I am a firm believer in taxi driver psephology. The taxi driver in Lucknow said, “It will be a contest between BJP and BSP. The SP knows it is out.”
The taxi driver was Brahmin, so no surprise that his choice was the BJP. He ranted about the Samajwadi Party’s alleged Muslim appeasement, and then mentioned the three Cs of heartland politics: crime, corruption, and caste.
His answers were all clear and forthright, except when I asked if the BJP should declare a chief ministerial candidate. “You have asked the most difficult question.”
On the question of the CM candidate, the BJP in UP stands at the same crossroads as it did in Delhi and Bihar last year. In Delhi, it picked a CM candidate too late into the campaign, and a poor one at that. Kiran Bedi was no match for Arvind Kejriwal. In Bihar, not declaring a CM candidate made it a Nitish vs Modi contest. Instead of looking like a challenger with a new offering, the BJP was forced to defend the central government’s performance. In the absence of a CM candidate, Nitish Kumar and Lalu Yadav were able to make the OBCs fear the possibility of an upper caste chief minister should the BJP win.
The BJP fears factionalism and infighting if it declares a CM candidate.
Similarly in Uttar Pradesh, the campaign could easily become Modi versus Mayawati, a la Bihar. The BJP fears factionalism and infighting if it declares a CM candidate. It is better to keep everyone guessing and let all the leader and caste-driven silos work hard to make the party win. If it declares an OBC as the CM candidate, the upper castes may not be attracted to the BJP. If it declares a Brahmin as the prospective CM, it may see rebellion from Thakurs.
But are Modi and Amit Shah, together with the election-winning machinery of the RSS, not powerful enough to tide over these differences? How difficult is it for the party to make a Thakur the party president, give Brahmins more tickets than their population proportion, and declare a widely accepted OBC leader as the CM candidate?
Yes, the BJP in UP has no leader who can match up to Mayawati’s political stature. But given that there is still a year to go for the UP election, can it not craft a presidential style campaign and make its CM candidate look larger than life?
Declaring a PM candidate in advance took Modi from political untouchability to 282 seats in the Lok Sabha. Modi’s presidential style campaign helped the BJP end India’s 30 year run of coalition governments. Having heralded us into a new era of presidential style campaigns, can the BJP pretend that it is easier to win elections without giving voters a clear signal who their chief executive will be?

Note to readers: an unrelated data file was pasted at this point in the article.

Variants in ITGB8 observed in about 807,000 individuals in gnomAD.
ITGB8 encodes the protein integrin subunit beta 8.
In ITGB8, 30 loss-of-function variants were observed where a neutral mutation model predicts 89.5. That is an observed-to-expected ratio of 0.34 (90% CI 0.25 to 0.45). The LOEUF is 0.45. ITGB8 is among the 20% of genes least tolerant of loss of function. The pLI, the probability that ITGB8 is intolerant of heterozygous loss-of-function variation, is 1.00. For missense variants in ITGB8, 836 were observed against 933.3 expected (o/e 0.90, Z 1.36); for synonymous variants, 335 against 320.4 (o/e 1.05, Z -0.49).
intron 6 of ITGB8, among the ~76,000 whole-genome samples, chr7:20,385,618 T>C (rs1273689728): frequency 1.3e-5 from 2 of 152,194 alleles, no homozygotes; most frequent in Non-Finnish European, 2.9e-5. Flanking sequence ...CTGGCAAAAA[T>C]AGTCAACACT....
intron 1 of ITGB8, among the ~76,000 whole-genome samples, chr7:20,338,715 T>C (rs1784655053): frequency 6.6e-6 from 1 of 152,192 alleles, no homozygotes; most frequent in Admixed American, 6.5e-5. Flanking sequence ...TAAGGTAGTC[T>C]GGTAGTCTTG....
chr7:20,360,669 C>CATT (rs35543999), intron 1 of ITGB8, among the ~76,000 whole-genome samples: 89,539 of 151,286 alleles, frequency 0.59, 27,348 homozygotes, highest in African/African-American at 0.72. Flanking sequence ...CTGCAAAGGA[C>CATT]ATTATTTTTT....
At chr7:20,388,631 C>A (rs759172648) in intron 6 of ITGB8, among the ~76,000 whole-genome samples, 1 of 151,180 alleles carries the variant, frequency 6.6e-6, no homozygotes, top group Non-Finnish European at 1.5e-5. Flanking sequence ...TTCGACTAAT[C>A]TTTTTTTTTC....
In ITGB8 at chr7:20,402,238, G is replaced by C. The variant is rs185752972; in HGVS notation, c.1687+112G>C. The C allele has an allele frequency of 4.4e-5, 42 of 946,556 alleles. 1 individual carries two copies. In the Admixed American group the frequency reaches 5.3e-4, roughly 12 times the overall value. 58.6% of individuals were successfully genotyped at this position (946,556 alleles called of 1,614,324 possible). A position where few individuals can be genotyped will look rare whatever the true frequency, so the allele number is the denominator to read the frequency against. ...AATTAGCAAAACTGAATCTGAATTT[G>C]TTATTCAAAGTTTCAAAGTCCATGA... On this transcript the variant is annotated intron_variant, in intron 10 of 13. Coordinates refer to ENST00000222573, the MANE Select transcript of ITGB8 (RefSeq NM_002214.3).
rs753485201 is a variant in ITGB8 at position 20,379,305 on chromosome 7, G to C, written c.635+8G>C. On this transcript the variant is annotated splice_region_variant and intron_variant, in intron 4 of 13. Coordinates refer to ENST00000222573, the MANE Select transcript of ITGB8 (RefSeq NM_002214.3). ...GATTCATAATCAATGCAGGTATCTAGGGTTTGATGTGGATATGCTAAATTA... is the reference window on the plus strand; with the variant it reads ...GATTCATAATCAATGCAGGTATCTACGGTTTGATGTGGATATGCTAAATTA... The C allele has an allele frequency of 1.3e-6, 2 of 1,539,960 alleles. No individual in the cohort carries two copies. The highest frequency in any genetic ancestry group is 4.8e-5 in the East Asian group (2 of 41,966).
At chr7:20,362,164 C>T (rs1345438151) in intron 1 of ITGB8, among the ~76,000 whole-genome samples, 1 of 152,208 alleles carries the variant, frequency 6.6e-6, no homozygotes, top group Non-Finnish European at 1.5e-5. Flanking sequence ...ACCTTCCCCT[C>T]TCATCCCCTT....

Narendra Modi and Amit Shah.
Voters know the Samajwadi Party will get them Akhilesh Yadav and the Bahujan Samaj Party will get the Mayawati. Who in the BJP should they compare these leaders with?
In the assembly elections in Maharashtra, Jharkhand and Haryana, where the BJP won without pre-declared CM candidates in late 2014, the situation was different. The incumbents were in a bad way and Modi’s popularity was sky-high.
After the Bihar experience, it is likely the BJP may not over-expose the prime minister in state elections. Instead, it may project three-four leaders in UP and keep everyone guessing. This only adds to the confusion in the voter’s mind, and would help the other parties exploit such incoherence. In the post-Modi politics of India, the leader is the message. If the message is clear, voters give a clear and decisive mandate. Modi should know this better than anyone else.
A large, complex and multi-polar state like UP cannot be won without a clear leadership face. No, the party president is not it.
A large, complex and multi-polar state like UP cannot be won without a clear leadership face. No, the party president is not it. The era of clear, decisive, leader-centric mandates arrived in 2007 with Mayawati.
Could it be that the Modi-Shah duo are reluctant to share credit for a state victory with a local leader? Does it seem like the BJP has copied the high command culture of the Congress? One can only speculate in those directions.
The time to declare a CM candidate is now – to give her time to prepare, to have the time to build a presidential style campaign around the candidate, and for the party to turn around the election into a race between a clean, promising newbie and old incumbent players. The promise of parivartan needs a visage. It will be a risk, but high risk has high rewards, as the BJP knows from the Modi campaign.
It seems likely that the BJP will instead bank on Modi's persona, and on a heavy dose of Hindutva. In doing so, it will, again like Bihar, only make apparent its desperation for power, thus giving the voter the signal of un-winnability, only helping Mayawati. Like the Congress, it is the arrogance of looking at UP-Bihar from the high pedestal of Lutyens’ Delhi that will be the BJP’s undoing.
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